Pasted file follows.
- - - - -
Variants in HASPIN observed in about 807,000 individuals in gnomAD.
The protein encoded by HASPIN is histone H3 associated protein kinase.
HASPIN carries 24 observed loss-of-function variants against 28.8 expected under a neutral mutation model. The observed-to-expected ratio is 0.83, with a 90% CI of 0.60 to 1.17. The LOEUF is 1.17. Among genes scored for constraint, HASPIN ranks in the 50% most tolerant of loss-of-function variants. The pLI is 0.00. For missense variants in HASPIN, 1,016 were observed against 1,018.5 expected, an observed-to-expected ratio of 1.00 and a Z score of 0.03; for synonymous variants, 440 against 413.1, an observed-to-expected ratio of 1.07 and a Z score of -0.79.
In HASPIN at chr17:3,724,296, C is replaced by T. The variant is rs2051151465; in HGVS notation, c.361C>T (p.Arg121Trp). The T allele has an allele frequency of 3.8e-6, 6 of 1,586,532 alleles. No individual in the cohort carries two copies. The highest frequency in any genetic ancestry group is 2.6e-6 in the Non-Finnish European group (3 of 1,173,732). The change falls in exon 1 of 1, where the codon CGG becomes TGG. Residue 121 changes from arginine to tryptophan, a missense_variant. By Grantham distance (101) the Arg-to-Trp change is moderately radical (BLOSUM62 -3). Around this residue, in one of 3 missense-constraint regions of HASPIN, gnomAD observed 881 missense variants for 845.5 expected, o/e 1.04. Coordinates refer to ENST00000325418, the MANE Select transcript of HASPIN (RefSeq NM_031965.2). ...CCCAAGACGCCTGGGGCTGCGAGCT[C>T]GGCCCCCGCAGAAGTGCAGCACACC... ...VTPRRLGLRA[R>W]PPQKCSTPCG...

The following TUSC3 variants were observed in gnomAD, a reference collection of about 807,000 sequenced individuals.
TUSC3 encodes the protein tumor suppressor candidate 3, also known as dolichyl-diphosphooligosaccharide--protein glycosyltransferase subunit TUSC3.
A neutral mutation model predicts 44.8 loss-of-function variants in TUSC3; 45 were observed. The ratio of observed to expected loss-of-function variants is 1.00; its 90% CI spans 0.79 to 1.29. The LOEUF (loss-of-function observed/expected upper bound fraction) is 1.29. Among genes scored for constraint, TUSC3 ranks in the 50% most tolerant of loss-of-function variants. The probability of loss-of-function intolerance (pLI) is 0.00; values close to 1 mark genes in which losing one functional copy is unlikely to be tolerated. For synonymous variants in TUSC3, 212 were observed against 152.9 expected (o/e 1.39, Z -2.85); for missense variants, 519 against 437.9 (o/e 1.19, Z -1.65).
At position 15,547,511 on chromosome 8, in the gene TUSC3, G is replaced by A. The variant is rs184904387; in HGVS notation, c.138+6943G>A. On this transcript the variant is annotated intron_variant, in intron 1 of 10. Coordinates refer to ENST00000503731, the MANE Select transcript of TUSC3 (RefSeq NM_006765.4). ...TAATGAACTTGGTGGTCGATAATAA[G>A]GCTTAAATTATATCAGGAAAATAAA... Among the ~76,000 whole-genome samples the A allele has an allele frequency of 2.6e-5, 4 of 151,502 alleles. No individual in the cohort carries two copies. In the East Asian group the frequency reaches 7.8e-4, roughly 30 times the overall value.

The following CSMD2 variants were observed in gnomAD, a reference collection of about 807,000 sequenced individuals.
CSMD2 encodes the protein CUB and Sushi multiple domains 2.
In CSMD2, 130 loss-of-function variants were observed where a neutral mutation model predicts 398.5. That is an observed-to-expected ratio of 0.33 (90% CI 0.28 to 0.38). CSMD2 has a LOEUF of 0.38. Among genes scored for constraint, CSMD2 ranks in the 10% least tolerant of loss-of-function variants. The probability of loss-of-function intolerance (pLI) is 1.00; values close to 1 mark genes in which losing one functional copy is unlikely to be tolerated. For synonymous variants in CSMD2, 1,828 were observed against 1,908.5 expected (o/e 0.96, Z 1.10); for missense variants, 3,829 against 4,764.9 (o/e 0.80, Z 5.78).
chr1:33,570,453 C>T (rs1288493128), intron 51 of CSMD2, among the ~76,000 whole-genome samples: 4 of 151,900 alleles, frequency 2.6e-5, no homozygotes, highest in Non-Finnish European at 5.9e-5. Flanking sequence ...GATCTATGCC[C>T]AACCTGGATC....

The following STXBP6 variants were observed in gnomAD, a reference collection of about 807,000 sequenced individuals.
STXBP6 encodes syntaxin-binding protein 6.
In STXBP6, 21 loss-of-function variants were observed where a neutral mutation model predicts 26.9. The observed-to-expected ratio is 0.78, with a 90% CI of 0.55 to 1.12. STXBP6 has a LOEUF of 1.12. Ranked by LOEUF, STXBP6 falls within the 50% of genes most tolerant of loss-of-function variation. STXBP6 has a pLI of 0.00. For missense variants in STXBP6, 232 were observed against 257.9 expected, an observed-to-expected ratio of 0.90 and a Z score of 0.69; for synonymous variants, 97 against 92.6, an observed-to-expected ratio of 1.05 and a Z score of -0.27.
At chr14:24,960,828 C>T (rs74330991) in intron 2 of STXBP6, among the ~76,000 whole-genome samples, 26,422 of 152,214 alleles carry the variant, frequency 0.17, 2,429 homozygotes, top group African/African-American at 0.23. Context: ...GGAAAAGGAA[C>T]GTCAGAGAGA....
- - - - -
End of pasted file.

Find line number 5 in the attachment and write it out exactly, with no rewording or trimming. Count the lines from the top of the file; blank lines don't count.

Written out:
The following TUSC3 variants were observed in gnomAD, a reference collection of about 807,000 sequenced individuals.